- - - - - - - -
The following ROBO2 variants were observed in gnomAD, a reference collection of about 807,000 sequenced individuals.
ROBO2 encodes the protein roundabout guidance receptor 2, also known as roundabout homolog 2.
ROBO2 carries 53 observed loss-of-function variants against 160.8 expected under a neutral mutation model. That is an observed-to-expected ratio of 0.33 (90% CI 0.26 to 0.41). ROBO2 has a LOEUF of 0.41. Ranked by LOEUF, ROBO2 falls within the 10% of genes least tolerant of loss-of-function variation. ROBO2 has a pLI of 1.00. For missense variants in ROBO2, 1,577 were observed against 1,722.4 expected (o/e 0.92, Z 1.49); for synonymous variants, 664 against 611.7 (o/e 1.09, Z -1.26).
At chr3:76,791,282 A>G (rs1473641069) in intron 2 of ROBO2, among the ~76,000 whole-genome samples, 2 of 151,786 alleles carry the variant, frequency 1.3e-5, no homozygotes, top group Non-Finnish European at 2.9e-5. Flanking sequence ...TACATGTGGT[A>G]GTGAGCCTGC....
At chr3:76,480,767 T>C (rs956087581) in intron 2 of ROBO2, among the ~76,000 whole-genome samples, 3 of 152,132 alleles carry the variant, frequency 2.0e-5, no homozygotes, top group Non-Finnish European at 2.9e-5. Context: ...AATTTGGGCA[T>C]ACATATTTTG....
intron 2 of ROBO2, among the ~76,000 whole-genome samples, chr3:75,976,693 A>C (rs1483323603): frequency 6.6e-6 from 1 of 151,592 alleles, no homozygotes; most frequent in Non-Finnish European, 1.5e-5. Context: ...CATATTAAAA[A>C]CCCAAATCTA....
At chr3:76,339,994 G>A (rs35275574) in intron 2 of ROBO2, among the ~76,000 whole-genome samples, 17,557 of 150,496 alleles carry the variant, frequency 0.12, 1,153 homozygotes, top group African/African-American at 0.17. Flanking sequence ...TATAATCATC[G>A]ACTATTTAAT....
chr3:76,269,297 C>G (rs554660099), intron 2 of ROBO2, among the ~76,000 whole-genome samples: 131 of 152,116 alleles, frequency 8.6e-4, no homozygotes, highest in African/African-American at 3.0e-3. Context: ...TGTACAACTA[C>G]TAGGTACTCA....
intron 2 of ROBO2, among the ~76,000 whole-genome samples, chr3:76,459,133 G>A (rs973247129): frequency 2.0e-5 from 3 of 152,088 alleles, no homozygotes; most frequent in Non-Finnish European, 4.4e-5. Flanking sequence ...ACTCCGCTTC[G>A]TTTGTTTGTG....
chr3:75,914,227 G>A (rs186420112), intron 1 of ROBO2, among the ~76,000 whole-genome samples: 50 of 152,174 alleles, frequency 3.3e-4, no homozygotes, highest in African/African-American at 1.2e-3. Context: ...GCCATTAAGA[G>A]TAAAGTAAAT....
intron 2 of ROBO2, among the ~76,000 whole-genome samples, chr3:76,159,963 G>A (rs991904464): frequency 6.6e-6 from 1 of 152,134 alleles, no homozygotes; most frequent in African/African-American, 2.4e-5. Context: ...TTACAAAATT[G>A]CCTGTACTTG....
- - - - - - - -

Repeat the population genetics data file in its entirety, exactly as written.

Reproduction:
The following ROBO2 variants were observed in gnomAD, a reference collection of about 807,000 sequenced individuals.
ROBO2 encodes the protein roundabout guidance receptor 2, also known as roundabout homolog 2.
ROBO2 carries 53 observed loss-of-function variants against 160.8 expected under a neutral mutation model. That is an observed-to-expected ratio of 0.33 (90% CI 0.26 to 0.41). ROBO2 has a LOEUF of 0.41. Ranked by LOEUF, ROBO2 falls within the 10% of genes least tolerant of loss-of-function variation. ROBO2 has a pLI of 1.00. For missense variants in ROBO2, 1,577 were observed against 1,722.4 expected (o/e 0.92, Z 1.49); for synonymous variants, 664 against 611.7 (o/e 1.09, Z -1.26).
At chr3:76,791,282 A>G (rs1473641069) in intron 2 of ROBO2, among the ~76,000 whole-genome samples, 2 of 151,786 alleles carry the variant, frequency 1.3e-5, no homozygotes, top group Non-Finnish European at 2.9e-5. Flanking sequence ...TACATGTGGT[A>G]GTGAGCCTGC....
At chr3:76,480,767 T>C (rs956087581) in intron 2 of ROBO2, among the ~76,000 whole-genome samples, 3 of 152,132 alleles carry the variant, frequency 2.0e-5, no homozygotes, top group Non-Finnish European at 2.9e-5. Context: ...AATTTGGGCA[T>C]ACATATTTTG....
intron 2 of ROBO2, among the ~76,000 whole-genome samples, chr3:75,976,693 A>C (rs1483323603): frequency 6.6e-6 from 1 of 151,592 alleles, no homozygotes; most frequent in Non-Finnish European, 1.5e-5. Context: ...CATATTAAAA[A>C]CCCAAATCTA....
At chr3:76,339,994 G>A (rs35275574) in intron 2 of ROBO2, among the ~76,000 whole-genome samples, 17,557 of 150,496 alleles carry the variant, frequency 0.12, 1,153 homozygotes, top group African/African-American at 0.17. Flanking sequence ...TATAATCATC[G>A]ACTATTTAAT....
chr3:76,269,297 C>G (rs554660099), intron 2 of ROBO2, among the ~76,000 whole-genome samples: 131 of 152,116 alleles, frequency 8.6e-4, no homozygotes, highest in African/African-American at 3.0e-3. Context: ...TGTACAACTA[C>G]TAGGTACTCA....
intron 2 of ROBO2, among the ~76,000 whole-genome samples, chr3:76,459,133 G>A (rs973247129): frequency 2.0e-5 from 3 of 152,088 alleles, no homozygotes; most frequent in Non-Finnish European, 4.4e-5. Flanking sequence ...ACTCCGCTTC[G>A]TTTGTTTGTG....
chr3:75,914,227 G>A (rs186420112), intron 1 of ROBO2, among the ~76,000 whole-genome samples: 50 of 152,174 alleles, frequency 3.3e-4, no homozygotes, highest in African/African-American at 1.2e-3. Context: ...GCCATTAAGA[G>A]TAAAGTAAAT....
intron 2 of ROBO2, among the ~76,000 whole-genome samples, chr3:76,159,963 G>A (rs991904464): frequency 6.6e-6 from 1 of 152,134 alleles, no homozygotes; most frequent in African/African-American, 2.4e-5. Context: ...TTACAAAATT[G>A]CCTGTACTTG....